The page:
Sabau, Adrian S. Predicting Pattern Tooling and Casting Dimensions for Investment Casting, Phase III. United States: N. p., 2008. Web. doi:10.2172/932641.
Sabau, Adrian S. Predicting Pattern Tooling and Casting Dimensions for Investment Casting, Phase III. United States. doi:10.2172/932641.
Sabau, Adrian S. Tue . "Predicting Pattern Tooling and Casting Dimensions for Investment Casting, Phase III". United States. doi:10.2172/932641. https://www.osti.gov/servlets/purl/932641.
@article{osti_932641,
title = {Predicting Pattern Tooling and Casting Dimensions for Investment Casting, Phase III},
author = {Sabau, Adrian S},
abstractNote = {Efforts during Phase III focused mainly on the shell-alloy systems. A high melting point alloy, 17-4PH stainless steel, was considered. The experimental part of the program was conducted at ORNL and commercial foundries, where wax patterns were injected, molds were invested, and alloys were poured. Shell molds made of fused-silica and alumino-silicates were considered. A literature review was conducted on thermophysical and thermomechanical properties alumino-silicates. Material property data, which were not available from material suppliers, was obtained. For all the properties of 17-4PH stainless steel, the experimental data available in the literature did not cover the entire temperature range necessary for process simulation. Thus, some material properties were evaluated using ProCAST, based on CompuTherm database. A comparison between the predicted material property data and measured property data was made. It was found that most material properties were accurately predicted only over several temperature ranges. No experimental data for plastic modulus were found. Thus, several assumptions were made and ProCAST recommendations were followed in order to obtain a complete set of mechanical property data at high temperatures. Thermal expansion measurements for the 17-4PH alloy were conducted during heating and cooling. As a function of temperature, the thermal expansion for both the alloy and shell mold materials showed different evolution on heating and cooling. Numerical simulations were performed using ProCAST for the investment casting of 17-4PH stainless steel parts in fused silica molds using the thermal expansion obtained on heating and another one with thermal expansion obtained on cooling. Since the fused silica shells had the lowest thermal expansion properties in the industry, the dewaxing phase, including the coupling between wax-shell systems, was neglected. The shell mold was considered to be a pure elastic material. The alloy dimensions were obtained from numerical simulations. For 17-4PH stainless steel parts, the alloy shrinkage factors were over-predicted, as compared with experimental data. Additional R&D focus was placed on obtaining material property data for filled waxes, waxes that are common in the industry. For the first time in the investment casting industry, the thermo-mechanical properties of unfilled and filled waxes were measured. Test specimens of three waxes were injected at commercial foundries. Rheometry measurement of filled waxes was conducted at ORNL. The analysis of the rheometry data to obtain viscoelastic properties was not completed due to the reduction in the budget of the project (approximately 50% funds were received).},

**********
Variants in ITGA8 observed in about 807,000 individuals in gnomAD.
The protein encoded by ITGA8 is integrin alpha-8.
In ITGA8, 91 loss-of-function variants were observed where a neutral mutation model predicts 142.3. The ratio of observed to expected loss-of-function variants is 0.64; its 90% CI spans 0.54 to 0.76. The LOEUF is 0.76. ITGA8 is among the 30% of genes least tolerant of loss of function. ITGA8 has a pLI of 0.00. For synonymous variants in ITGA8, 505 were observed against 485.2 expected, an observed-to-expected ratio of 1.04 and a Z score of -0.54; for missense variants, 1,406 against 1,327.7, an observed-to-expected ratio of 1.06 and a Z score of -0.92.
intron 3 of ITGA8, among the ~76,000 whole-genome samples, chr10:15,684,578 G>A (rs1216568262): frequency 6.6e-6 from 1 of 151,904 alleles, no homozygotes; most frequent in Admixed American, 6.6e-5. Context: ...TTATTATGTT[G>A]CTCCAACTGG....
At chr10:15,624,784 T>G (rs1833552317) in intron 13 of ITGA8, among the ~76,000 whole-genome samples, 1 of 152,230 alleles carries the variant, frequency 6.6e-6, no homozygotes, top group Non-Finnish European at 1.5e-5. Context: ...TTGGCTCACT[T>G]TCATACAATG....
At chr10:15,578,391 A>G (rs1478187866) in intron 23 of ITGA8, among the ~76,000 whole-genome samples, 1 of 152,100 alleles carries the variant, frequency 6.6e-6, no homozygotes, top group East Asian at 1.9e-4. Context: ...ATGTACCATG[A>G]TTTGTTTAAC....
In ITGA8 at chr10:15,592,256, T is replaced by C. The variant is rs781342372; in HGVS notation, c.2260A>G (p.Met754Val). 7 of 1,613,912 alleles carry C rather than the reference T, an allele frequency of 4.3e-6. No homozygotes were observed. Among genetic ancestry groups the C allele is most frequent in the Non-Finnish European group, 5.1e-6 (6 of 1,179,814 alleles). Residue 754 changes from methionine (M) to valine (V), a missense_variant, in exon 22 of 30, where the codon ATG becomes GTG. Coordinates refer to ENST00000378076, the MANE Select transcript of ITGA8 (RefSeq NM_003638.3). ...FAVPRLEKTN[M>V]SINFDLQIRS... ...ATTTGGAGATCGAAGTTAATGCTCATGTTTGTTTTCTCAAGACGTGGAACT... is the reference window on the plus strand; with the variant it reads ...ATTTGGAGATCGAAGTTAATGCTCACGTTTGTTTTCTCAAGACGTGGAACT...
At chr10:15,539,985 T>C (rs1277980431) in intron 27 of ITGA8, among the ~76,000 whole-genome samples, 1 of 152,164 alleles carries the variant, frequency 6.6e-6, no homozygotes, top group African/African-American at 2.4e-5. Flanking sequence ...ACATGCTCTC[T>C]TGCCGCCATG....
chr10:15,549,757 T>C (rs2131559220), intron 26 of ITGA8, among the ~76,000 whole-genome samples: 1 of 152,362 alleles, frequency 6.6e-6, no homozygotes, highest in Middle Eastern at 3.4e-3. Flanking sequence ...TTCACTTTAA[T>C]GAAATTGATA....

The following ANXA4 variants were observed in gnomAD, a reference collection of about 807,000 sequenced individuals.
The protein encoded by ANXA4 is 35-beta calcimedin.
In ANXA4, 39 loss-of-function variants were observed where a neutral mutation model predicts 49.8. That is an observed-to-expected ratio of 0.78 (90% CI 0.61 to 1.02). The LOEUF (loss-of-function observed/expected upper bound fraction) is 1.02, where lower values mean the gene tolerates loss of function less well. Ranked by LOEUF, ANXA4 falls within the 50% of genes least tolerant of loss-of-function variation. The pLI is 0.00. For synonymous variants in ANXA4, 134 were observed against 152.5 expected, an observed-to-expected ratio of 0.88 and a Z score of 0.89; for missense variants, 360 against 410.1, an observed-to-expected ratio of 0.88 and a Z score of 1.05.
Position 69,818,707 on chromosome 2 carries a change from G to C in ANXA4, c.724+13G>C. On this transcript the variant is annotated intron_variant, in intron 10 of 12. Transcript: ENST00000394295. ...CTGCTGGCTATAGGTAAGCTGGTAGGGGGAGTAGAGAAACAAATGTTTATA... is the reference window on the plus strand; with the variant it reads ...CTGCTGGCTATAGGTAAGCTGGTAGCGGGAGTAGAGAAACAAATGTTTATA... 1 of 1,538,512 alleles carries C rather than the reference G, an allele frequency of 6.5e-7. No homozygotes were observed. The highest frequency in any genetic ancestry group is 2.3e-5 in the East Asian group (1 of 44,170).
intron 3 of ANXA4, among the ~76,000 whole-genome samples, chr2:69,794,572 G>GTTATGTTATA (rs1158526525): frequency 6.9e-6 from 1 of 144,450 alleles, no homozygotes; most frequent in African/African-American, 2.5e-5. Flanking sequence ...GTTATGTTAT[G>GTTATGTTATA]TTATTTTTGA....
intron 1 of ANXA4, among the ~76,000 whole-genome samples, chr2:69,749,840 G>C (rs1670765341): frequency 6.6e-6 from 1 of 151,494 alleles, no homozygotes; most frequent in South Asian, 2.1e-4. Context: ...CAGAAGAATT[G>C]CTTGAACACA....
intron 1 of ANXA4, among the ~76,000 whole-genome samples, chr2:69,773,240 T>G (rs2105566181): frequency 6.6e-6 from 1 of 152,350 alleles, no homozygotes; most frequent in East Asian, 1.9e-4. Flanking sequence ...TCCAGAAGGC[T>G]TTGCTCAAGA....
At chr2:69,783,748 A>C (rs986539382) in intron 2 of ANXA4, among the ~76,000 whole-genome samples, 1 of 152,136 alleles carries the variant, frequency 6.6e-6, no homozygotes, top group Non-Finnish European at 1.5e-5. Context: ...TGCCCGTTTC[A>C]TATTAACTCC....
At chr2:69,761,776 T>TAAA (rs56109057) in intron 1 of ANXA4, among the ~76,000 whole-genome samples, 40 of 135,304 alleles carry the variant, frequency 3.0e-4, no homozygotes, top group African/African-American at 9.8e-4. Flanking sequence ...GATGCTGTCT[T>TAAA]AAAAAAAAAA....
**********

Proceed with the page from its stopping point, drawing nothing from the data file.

doi = {10.2172/932641},
journal = {},
number = ,
volume = ,
place = {United States},
year = {2008},
month = {4}
}